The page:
The Fracturing of Liberal Pangaea

Kenneth Anderson of The Volokh Conspiracy has a must-read post titled “The Fragmenting of the New Class Elites, or, Downward Mobility:”

The problem the New Class faces at this point is the psychological and social self-perceptions of a status group that is alienated (as we marxists say) from traditional labor by its semi-privileged upbringing — and by the fact that it is actually, two distinct strands, a privileged one and a semi-privileged one.  It is, for the moment, insistent not just on white-collar work as its birthright and unable to conceive of much else.  It does not celebrate the dignity of labor; it conceived of itself as existing to regulate labor.  So it has purified itself to the point that not just any white-collar work will do.  It has to be, as Michelle Obama instructed people in what now has to be seen as another era, virtuous non-profit or government work.  Those attitudes are changing, but only slowly; the university pipelines are still full of people who cannot imagine themselves in any other kind of work, unless it means working for Apple or Google.


As Anderson notes, “In social theory, OWS is best understood not as a populist movement against the bankers, but instead as the breakdown of the New Class into its two increasingly disconnected parts:”

The upper tier, the bankers-government bankers-super credentialed elites.  But also the lower tier, those who saw themselves entitled to a white collar job in the Virtue Industries of government and non-profits — the helping professions, the culture industry, the virtueocracies, the industries of therapeutic social control, as Christopher Lasch pointed out in his final book, The Revolt of the Elites.

This dovetails into a comment that Ace made last year, during Obama and the MSM’s polling meltdown over the Ground Zero Mosque, that it’s possible to hold yourself out as part of the liberal elite, without having great wealth or power. All it takes is constantly holding contrary positions and an elitist worldview:

I was having a debate with steve_in_hb yesterday. Steve proffered his boring, conventional, dumb opinion that the supposed elites are drawn to this position because they are compelled to take a position that finds America to be the Great Satan at every turn.

I agreed with Steve’s stupid civilian poorly-thought-out opinion, but opined that I thought it wasn’t as simple as his low-functioning unenlightened moron-brain conceived it; my belief is that these people take a psychological comfort, a psychological delight, in taking positions that the majority of their fellow countrymen find repugnant, because this affords them what they really want: A method of differentiating themselves from the common and thereby elevating themselves to ranks of elite.

And note this is quite necessary: The “elite” are not made up of the rich. Sure, there are many rich in the elite, but that’s not what makes them elite. There are many poor “elite” who claim to be elite not due to their salary or position but due to thinking what the other elites think only.

Similarly with education — yes, the elite contains many educated people (many overeducated people, who proclaim things so stupid only an intellectual could believe them) but, again, this “elite” is not just comprised of those who hold post-graduate degrees. Or college degrees. Or high school degrees. Or even GEDs, for that matter. No, once again, “elitehood” is conferred not by any extrinsic indicator like level of education but by proud proclamation of agreement with others presumed to be in the “elite” class.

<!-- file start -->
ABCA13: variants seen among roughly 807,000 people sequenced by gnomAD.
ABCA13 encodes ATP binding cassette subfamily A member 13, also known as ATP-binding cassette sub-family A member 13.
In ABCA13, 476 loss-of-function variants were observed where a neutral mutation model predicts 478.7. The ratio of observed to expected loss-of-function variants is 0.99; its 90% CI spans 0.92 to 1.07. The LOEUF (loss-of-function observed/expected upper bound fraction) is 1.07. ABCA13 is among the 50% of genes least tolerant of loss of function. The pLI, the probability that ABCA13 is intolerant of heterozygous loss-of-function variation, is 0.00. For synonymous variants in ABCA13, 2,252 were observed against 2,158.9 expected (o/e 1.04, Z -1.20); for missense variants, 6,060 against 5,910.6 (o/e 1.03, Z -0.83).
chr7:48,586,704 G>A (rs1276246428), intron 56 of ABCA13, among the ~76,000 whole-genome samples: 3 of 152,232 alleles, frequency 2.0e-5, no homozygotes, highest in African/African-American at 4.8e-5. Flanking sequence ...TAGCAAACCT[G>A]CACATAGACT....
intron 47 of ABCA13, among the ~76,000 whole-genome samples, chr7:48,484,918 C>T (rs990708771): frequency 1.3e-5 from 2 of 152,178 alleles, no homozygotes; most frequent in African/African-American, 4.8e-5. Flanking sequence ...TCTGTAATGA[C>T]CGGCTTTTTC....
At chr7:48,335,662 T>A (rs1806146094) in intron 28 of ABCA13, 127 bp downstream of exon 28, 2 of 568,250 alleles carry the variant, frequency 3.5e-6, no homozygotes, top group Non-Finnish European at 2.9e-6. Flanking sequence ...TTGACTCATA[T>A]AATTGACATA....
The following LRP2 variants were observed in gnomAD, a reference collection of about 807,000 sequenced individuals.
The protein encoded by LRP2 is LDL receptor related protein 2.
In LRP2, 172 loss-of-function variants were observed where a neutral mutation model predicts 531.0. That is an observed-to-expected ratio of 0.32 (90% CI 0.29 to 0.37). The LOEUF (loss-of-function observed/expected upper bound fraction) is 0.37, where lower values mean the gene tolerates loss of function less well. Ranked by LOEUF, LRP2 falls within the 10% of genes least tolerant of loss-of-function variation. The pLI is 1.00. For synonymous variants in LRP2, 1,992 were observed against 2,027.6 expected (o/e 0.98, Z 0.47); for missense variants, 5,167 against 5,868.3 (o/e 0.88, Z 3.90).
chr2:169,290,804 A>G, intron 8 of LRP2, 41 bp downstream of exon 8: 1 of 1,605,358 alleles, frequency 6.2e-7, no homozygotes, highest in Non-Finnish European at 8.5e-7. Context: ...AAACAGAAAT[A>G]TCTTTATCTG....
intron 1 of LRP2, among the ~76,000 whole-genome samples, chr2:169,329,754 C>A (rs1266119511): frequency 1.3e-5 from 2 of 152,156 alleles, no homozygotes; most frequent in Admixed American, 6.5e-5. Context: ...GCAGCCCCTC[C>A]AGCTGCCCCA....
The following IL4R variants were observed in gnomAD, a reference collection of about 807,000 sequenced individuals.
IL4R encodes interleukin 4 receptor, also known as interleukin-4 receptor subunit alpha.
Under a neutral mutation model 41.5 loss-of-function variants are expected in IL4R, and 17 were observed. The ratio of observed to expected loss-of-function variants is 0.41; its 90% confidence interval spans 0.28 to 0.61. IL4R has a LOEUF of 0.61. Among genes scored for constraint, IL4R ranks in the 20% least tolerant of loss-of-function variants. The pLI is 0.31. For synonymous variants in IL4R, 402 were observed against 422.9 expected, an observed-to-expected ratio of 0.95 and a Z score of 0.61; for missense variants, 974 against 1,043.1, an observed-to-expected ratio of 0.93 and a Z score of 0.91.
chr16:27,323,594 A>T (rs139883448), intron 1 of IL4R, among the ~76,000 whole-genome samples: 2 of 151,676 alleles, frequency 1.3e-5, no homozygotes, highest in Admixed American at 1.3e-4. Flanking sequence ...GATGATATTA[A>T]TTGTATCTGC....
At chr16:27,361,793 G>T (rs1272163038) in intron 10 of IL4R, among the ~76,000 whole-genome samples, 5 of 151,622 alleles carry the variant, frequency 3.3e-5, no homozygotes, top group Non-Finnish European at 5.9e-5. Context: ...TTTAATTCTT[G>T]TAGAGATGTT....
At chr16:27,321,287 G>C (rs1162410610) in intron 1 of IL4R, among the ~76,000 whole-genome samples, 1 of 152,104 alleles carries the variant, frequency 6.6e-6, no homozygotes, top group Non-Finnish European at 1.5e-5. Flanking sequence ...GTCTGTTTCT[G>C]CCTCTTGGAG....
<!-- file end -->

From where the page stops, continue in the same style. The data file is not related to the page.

It is based on this phenomenon, of course, that trolls who clearly do not have a high school education to their credit come on to this blog and tell us how dumb we are.

So my brilliant observation, as opposed to Steve’s pedestrian, sloven-brained one, is that these positions largely proceed not by mere happenstance to dispute the commoners’ opinions, but indeed wind up in that conflict by design.

They must take a position opposite the common people, otherwise, how could they be elite? One cannot be elite if one holds common positions, can one?


Ironically though, it’s much easier to embrace that level of smugness during a booming economy — you’re much more likely to find a job that suits your elitist worldview when unemployment is low, the stock market is booming, venture capital money is sloshing around, than during our current seemingly endless “Unexpected” Recovery Bummer grind, with high unemployment and businesses terrified to hire or expand because they don’t know which legislation is going to randomly bite them on their asset sheet. Unfortunately, economic growth requires government getting out of the way; the last 100 years have been a constant reminder that you can’t regulate your way into prosperity.

Or as Anderson concludes:

The OWS protestors are a revolt — a shrill, cri-de-coeur wail at the betrayal of class solidarity — of the lower tier New Class against the upper tier New Class.  It was, after all, the upper tier New Class, the private-public finance consortium, that created the student loan business and inflated the bubble in which these lower tier would-be professionals borrowed the money.  It’s a securitization machine, not so very different from the subprime mortgage machine.  The asset bubble pops, but the upper tier New Class, having insulated itself and, as with subprime, having taken its cut upfront and passed the risk along, is still doing pretty well.  It’s not populism versus the bankers so much as internecine warfare between two tiers of elites.


Except that one group really is an elite — and can weather the downturn relatively unscathed, as Anderson notes. The other is a pose. Good luck maintaining that in bottomed-out economy.


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